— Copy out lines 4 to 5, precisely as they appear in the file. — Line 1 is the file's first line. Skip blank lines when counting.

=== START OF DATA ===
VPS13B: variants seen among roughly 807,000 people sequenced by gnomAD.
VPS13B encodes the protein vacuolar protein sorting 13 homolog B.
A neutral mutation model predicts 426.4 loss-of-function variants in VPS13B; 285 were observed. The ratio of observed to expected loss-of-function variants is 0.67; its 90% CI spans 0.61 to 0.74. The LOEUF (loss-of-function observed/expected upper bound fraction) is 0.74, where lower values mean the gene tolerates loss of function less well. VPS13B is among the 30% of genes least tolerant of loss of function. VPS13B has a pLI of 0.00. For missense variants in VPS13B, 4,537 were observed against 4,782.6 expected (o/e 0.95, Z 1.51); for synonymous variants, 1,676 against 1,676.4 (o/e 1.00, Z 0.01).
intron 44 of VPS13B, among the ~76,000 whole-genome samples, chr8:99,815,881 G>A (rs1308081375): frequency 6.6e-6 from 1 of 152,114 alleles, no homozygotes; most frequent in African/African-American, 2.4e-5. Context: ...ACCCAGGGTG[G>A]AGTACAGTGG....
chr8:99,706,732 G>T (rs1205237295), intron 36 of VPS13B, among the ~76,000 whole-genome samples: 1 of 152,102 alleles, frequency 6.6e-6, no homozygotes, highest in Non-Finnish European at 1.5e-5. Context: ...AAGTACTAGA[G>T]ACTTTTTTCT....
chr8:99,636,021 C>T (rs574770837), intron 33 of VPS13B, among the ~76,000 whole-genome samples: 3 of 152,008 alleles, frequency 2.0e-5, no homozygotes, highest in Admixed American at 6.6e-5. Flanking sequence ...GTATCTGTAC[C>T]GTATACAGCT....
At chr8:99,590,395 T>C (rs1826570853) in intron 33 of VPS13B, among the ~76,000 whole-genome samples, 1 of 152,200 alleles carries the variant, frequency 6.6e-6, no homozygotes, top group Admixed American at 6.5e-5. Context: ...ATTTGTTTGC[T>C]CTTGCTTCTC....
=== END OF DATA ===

intron 44 of VPS13B, among the ~76,000 whole-genome samples, chr8:99,815,881 G>A (rs1308081375): frequency 6.6e-6 from 1 of 152,114 alleles, no homozygotes; most frequent in African/African-American, 2.4e-5. Context: ...ACCCAGGGTG[G>A]AGTACAGTGG....
chr8:99,706,732 G>T (rs1205237295), intron 36 of VPS13B, among the ~76,000 whole-genome samples: 1 of 152,102 alleles, frequency 6.6e-6, no homozygotes, highest in Non-Finnish European at 1.5e-5. Context: ...AAGTACTAGA[G>T]ACTTTTTTCT....